This flint hand axe was found during the Faversham Society Archaeological Research Group (FSARG) excavations in 2011. It was lying underneath a Bronze Age group of flints, opposite Ospringe Parish Church.
It was made by an ancestor of Neanderthal man, as Homo Sapiens didn’t arrive here until approx. 40,000 BC.
At the foot of two of the valleys formed during the last Ice Age, two saltwater creeks formed, Faversham and Oare. This gave the area ready access to the sea and the chance to export local products and import those it needed.
Until now tools were fashioned mainly from flint. With the start of copper mining elsewhere in Britain, metalworking, and the Bronze Age began.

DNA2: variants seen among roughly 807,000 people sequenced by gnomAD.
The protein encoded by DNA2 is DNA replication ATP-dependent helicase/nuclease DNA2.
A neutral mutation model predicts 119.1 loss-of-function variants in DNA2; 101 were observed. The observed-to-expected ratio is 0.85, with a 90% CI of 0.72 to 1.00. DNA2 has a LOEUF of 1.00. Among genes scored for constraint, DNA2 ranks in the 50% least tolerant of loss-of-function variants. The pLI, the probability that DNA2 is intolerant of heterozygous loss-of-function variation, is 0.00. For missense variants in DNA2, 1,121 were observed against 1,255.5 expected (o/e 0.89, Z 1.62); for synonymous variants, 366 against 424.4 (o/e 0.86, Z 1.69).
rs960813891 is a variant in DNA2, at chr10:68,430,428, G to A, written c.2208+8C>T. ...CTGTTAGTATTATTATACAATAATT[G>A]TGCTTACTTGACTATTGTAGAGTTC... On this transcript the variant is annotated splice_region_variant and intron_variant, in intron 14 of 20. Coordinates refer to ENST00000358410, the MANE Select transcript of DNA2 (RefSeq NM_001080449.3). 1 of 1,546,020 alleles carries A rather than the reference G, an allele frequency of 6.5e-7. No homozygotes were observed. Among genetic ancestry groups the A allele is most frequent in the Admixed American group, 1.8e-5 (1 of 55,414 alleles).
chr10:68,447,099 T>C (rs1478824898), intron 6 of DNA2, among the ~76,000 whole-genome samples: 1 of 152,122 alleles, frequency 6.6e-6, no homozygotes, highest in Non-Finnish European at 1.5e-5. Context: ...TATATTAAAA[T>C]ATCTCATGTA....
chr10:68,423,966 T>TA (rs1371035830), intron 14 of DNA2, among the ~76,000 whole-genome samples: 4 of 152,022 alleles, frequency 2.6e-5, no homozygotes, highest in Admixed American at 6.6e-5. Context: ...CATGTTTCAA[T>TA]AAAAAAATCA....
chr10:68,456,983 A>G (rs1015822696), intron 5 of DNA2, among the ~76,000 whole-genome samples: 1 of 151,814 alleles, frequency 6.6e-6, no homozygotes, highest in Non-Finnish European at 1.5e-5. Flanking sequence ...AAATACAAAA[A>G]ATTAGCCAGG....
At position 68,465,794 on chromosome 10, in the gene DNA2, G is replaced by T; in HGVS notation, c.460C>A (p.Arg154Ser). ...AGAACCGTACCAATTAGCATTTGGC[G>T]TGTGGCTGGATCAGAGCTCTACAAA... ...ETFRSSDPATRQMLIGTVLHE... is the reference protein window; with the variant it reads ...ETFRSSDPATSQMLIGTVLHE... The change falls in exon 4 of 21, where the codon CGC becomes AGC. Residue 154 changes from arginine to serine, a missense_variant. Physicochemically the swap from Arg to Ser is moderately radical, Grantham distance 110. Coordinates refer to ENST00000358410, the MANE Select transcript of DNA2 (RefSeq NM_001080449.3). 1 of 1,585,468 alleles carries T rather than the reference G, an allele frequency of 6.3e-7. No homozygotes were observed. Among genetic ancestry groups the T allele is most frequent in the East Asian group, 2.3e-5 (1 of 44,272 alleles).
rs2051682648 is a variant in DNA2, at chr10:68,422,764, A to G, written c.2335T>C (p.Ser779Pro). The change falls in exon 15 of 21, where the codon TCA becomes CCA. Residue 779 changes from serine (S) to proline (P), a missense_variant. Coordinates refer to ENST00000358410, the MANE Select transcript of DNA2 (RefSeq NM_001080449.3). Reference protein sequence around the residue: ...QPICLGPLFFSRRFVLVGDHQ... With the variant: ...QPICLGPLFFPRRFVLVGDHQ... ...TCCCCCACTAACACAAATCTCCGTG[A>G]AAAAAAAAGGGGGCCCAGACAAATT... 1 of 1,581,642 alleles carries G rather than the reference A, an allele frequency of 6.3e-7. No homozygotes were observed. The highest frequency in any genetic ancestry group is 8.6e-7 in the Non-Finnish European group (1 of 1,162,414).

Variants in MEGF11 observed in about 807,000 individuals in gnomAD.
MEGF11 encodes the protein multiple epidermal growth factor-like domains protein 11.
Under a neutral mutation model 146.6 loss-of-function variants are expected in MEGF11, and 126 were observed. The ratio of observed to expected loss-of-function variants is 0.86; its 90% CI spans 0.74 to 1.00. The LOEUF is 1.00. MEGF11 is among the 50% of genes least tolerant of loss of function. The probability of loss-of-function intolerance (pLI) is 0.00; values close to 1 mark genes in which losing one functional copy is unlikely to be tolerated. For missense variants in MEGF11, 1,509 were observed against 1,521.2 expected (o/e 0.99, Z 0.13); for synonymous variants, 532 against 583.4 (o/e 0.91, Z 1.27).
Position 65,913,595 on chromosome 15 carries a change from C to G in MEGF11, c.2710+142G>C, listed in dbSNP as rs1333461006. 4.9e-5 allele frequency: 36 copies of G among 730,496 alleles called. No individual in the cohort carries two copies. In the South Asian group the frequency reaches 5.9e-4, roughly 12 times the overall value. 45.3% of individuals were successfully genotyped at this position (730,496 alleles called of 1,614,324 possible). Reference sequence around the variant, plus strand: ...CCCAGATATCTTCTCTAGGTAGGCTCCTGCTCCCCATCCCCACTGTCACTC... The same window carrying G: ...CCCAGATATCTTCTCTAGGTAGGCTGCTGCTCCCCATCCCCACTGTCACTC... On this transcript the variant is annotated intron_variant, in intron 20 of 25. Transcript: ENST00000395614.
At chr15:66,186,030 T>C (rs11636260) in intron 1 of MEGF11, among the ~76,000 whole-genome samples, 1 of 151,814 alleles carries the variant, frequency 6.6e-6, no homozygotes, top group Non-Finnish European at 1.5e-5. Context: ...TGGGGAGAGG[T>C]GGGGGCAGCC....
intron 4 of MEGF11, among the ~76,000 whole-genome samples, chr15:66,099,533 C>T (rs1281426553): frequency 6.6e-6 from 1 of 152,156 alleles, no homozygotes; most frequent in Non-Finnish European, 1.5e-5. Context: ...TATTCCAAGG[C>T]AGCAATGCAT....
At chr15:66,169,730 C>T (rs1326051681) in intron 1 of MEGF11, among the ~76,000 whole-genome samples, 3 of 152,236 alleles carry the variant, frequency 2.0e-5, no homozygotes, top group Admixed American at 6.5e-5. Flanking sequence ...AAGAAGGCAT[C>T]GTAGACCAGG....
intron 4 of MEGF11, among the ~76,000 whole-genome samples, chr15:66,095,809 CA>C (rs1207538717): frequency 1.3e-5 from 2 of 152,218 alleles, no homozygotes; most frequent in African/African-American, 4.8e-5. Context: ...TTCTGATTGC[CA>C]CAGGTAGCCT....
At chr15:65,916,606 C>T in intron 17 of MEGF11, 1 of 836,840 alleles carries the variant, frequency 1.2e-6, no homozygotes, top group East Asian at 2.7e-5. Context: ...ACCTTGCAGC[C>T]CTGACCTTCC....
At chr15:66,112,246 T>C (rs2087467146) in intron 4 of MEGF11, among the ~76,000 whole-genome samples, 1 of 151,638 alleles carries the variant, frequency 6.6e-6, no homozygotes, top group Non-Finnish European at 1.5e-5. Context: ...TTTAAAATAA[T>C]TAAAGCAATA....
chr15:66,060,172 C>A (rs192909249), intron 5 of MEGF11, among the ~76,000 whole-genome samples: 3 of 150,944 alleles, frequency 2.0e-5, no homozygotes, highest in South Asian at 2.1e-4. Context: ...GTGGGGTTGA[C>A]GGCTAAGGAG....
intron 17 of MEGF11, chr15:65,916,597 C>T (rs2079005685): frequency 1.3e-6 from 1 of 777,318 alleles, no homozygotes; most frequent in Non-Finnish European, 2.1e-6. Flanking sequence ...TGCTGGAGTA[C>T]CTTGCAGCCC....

Iron tools began to be made. Thin seams of ore were discovered locally, at Boughton-under-Blean, where there is still an Iron Hill. More immigrants from the Continent arrived in Kent, bringing with them their technological and farming skills.
Coins began to be minted in Britain, which, by now, was divided into small kingdoms. Farms were now a common sight. The borders of the huge Roman Empire were close at hand, just across the narrow sea, in France. Kent traded with it, importing goods and exporting produce. The native language was probably Celtic, akin to present-day Welsh.